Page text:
Women in the Chemical Industry
International Women’s Day, first observed March 19, 1911 in Germany, is now a day of global celebration of women, including those in the chemical industry.
If there were a “year of the woman” in the U.S. chemical industry, it would have been 2009, at least as reflected in C&EN’s survey of women in industry that year. For the first time, two chief executive officers appeared in the magazine’s annual list.
One of the CEOs was Ellen J. Kullman, who became the first female CEO of a publicly traded firm dedicated to chemicals when she took over the top job at DuPont at the beginning of 2009. Because DuPont is the second-largest public chemical company in the U.S. and one of the largest in the world, Kullman holds one of the most important positions in the entire chemical industry. Also, last year saw the addition of Lynn L. Elsenhans, CEO of refiner and chemical maker Sunoco.
There have been other years in which women broke glass ceilings in the chemical industry. In 2001, for instance, Fran Keeth became head of the U.S. arm of Shell Chemicals, and Nance Dicciani took over Honeywell International’s specialty materials business. Stephanie A. Burns got the top job at Dow Corning in 2004. But it wasn’t until Kullman and Elsenhans took their jobs that women became the public faces of stock-exchange-listed firms in an industry so accustomed to male management.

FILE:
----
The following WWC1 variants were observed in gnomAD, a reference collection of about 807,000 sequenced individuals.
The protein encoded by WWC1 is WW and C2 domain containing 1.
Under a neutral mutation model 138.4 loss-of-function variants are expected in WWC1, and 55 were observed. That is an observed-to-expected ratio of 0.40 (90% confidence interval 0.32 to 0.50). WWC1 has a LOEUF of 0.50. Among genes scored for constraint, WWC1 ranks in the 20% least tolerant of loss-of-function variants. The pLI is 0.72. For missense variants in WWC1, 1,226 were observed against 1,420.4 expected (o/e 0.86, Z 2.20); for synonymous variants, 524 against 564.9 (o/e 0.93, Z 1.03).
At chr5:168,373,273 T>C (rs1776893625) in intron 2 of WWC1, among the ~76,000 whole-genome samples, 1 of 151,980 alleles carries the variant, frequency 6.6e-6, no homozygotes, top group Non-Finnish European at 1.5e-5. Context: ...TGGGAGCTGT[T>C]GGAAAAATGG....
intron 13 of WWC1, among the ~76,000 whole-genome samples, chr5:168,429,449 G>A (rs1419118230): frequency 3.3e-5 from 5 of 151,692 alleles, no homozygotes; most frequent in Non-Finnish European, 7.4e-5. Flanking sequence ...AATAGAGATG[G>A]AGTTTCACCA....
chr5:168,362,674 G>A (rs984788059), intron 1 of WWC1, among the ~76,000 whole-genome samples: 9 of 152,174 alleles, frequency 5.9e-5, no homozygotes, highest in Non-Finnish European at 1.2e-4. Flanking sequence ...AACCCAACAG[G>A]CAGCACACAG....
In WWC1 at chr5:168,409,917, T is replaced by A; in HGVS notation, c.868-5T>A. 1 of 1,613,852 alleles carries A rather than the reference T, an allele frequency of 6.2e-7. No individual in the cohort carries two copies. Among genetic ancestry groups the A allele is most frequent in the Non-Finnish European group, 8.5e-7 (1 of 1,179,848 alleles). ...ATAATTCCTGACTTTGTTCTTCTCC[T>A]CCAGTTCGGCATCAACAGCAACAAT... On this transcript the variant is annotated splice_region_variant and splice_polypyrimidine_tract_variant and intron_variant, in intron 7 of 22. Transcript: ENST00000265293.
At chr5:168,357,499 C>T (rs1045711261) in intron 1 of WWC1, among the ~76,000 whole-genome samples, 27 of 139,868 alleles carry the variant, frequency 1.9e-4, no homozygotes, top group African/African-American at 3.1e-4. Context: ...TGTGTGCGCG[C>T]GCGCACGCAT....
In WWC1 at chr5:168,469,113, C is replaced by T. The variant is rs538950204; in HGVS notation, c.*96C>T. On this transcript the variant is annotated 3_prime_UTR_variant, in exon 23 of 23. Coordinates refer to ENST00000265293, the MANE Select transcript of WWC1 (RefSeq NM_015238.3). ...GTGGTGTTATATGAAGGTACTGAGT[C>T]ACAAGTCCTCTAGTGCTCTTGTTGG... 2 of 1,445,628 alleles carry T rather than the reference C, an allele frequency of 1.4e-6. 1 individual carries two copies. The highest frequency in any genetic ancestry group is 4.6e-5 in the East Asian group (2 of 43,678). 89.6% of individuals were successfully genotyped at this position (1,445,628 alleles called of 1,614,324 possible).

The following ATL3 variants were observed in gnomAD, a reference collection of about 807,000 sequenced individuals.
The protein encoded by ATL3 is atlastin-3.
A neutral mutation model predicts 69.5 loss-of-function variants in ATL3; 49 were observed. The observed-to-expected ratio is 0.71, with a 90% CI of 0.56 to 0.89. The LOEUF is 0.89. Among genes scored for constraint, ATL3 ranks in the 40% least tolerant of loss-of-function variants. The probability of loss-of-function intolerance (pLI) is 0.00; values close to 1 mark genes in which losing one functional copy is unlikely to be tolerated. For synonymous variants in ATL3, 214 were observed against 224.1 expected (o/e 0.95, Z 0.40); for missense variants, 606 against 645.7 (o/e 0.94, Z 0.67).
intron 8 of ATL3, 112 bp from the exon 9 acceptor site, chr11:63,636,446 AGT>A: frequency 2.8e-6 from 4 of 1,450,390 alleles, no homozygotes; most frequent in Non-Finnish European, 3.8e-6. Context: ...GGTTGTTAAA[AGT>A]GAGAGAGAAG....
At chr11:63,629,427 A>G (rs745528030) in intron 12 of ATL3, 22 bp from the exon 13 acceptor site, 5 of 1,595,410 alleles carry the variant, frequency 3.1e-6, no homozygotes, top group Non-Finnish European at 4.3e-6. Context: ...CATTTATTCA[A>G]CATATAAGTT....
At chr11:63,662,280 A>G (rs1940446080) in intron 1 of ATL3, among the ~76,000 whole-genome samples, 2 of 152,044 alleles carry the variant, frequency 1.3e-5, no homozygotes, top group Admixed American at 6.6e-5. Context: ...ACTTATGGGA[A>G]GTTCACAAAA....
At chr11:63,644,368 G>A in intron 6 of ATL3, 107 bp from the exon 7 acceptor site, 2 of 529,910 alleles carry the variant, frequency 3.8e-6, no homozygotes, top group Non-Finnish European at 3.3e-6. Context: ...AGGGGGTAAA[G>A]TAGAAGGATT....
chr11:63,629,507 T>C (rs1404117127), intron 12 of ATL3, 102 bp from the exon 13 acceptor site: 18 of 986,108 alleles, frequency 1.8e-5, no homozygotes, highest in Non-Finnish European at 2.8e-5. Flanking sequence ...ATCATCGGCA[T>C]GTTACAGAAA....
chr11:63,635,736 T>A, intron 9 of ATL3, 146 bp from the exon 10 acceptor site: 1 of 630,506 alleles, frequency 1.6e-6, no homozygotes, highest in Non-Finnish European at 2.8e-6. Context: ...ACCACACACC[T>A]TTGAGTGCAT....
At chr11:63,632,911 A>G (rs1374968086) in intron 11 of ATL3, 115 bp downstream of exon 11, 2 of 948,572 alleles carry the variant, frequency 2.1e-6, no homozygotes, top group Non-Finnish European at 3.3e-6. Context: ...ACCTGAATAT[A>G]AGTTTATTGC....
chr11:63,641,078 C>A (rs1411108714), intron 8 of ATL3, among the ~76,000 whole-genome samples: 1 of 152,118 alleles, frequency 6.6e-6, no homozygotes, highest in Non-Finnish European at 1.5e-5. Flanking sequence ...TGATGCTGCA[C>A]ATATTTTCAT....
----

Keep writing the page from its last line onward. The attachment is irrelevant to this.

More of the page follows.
This year hasn’t brought the same kind of breakthrough. But that doesn’t mean that it has been a bad year for women at chemical companies. According to C&EN’s statistics, women have made modest gains on chemical company boards of directors and as chemical executives.
C&EN’s 2010 survey shows that women have made advances by all measures. The survey finds that 13.4% of the 396 directors at chemical companies are women, versus 13.2% in the 2009 edition. That translates to an average of 1.3 women sitting on the boards of the 42 firms included in the survey, versus 1.2 a year ago.
Women made sharper gains in the executive suite. Some 9.6% of the 418 executive officers at the chemical firms in the survey are women. Last year, that percentage was 8.3%. Looked at another way, there is an average of one female executive officer per company, up from 0.8 in 2009.
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Excerpted with permission, Chemical & Engineering News
Copyright © 2010 American Chemical Society